Remington M40 Bolt-Action Sniper Rifle
The Remington M40 is a heavy barrel, bolt-action 7.62x51mm sniper rifle in service with the United States Marine Corps.
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Long-time gun maker Remington introduced their bolt-action "Model 700" rifle series in 1962 to the American public and police forces. It was this rifle that went on to form the basis of the US Marine Corps (USMC) standardized sniper weapon - the "M40" during the Vietnam War. These modified versions were "militarized" by USMC specialists out of the Quantico armory and formally adopted for service in 1966. Several changes throughout her production life yielded a handful of variants as described below - all changes making for a more robust and adaptable battlefield system. Amazingly, the original Model 700 is still in production today while the USMC M40 is still in service - having seen published action in the Vietnam War, Lebanon, Grenada, the 1991 Gulf War, the 2001 Invasion of Afghanistan and the 2003 Invasion of Iraq.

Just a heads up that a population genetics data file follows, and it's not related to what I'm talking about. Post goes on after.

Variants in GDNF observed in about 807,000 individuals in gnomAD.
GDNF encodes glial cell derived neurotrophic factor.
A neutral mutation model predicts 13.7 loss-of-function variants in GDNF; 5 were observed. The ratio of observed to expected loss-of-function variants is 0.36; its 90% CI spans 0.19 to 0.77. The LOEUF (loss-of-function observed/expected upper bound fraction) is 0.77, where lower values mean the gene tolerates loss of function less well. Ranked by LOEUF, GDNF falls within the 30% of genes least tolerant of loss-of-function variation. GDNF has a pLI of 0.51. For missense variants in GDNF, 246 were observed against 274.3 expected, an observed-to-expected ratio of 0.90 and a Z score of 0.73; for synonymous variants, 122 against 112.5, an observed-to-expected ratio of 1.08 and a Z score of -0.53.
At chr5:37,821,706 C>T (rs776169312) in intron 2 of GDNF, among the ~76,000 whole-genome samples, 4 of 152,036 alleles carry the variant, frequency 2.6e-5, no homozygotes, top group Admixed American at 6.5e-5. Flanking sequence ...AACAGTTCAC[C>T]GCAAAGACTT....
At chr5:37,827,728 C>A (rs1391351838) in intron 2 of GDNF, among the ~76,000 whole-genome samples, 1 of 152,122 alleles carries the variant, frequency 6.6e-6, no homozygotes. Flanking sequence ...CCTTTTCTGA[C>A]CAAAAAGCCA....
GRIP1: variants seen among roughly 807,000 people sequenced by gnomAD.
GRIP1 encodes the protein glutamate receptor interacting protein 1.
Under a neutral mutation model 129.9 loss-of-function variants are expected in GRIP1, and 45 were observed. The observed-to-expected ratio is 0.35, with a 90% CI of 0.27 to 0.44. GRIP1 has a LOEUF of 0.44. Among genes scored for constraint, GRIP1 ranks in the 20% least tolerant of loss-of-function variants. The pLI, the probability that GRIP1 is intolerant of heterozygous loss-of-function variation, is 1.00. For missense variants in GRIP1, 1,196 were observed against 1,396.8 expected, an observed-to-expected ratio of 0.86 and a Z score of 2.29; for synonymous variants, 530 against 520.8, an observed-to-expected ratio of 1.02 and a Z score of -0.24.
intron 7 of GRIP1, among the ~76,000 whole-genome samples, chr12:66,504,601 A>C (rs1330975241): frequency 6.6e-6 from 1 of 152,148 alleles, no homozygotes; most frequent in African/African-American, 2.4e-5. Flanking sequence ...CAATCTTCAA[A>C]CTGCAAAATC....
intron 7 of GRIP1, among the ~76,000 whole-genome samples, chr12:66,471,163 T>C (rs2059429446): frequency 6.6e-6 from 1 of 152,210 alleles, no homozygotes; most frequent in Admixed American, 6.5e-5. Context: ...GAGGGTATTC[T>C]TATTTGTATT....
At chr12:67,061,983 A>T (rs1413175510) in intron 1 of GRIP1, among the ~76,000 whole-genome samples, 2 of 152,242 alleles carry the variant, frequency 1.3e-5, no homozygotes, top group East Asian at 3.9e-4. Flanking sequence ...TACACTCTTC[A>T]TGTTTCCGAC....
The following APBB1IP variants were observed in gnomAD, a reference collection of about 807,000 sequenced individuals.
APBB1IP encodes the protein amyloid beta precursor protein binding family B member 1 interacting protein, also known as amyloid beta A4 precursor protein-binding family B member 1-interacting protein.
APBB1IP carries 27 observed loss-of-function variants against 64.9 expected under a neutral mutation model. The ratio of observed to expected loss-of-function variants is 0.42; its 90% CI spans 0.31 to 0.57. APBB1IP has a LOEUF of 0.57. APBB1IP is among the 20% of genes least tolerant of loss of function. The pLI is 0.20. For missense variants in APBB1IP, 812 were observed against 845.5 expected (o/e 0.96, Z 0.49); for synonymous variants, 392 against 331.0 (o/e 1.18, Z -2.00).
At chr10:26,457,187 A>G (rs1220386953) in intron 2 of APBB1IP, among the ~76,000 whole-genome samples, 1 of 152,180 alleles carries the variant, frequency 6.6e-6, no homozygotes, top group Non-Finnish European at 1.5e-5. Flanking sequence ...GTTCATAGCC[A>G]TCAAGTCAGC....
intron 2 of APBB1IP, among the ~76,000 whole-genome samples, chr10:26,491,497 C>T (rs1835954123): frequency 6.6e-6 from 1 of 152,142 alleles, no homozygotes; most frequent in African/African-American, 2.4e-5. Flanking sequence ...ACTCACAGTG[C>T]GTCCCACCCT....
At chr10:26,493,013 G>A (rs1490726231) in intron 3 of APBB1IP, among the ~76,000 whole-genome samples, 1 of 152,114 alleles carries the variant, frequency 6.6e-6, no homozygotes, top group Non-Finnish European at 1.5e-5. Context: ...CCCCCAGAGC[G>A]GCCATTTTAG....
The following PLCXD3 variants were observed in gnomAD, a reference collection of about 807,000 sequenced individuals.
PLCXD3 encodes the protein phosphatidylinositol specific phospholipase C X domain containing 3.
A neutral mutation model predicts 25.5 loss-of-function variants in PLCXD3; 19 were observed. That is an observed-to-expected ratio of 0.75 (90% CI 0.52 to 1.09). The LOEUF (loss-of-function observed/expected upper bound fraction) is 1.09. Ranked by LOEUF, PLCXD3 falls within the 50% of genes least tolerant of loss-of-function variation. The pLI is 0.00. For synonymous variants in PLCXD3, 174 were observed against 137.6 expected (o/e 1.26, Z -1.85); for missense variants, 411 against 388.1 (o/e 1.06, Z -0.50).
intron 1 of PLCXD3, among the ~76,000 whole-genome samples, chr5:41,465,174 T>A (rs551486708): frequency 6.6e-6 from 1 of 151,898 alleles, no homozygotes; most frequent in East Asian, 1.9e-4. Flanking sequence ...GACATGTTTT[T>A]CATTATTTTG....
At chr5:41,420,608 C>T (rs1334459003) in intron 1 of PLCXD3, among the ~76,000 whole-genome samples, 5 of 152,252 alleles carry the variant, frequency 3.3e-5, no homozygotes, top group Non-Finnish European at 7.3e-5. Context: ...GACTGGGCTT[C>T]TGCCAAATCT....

The original M40 production mark was simply designated as the "M40". These were identified by their single-piece, all-wooded stocks and standard Redfield 3-9x scopes mounted over the receiver. After warping issues of the wooden stocks became apparent, the "M40A1" mark was introduced which featured the McMillan A1 fiberglass stock and a stainless steel barrel. The Redfield scopes were also dropped and replaced by Unertl types. The "M40A3" appeared in 2001 with a new McMillan Tactical A4 series fiberglass stock and a switch to Schmidt & Bender 3-12x50 Police Marksman II LP scopes with their illuminated reticles. A Schneider Match Grade SS #7 barrel was also introduced and other changes to this mark drove the weapon's overall weight up by approximately 2lbs. These rifles appeared in time to participate in the American invasion of Afghanistan prompted by the events of 9/11 and have been used extensively since. In 2009 there came the latest M40 incarnation - the "M40A5" - which introduced support for the AN/PVS-22 series night vision scopes and detachable box magazines (as opposed to the original's integral box method).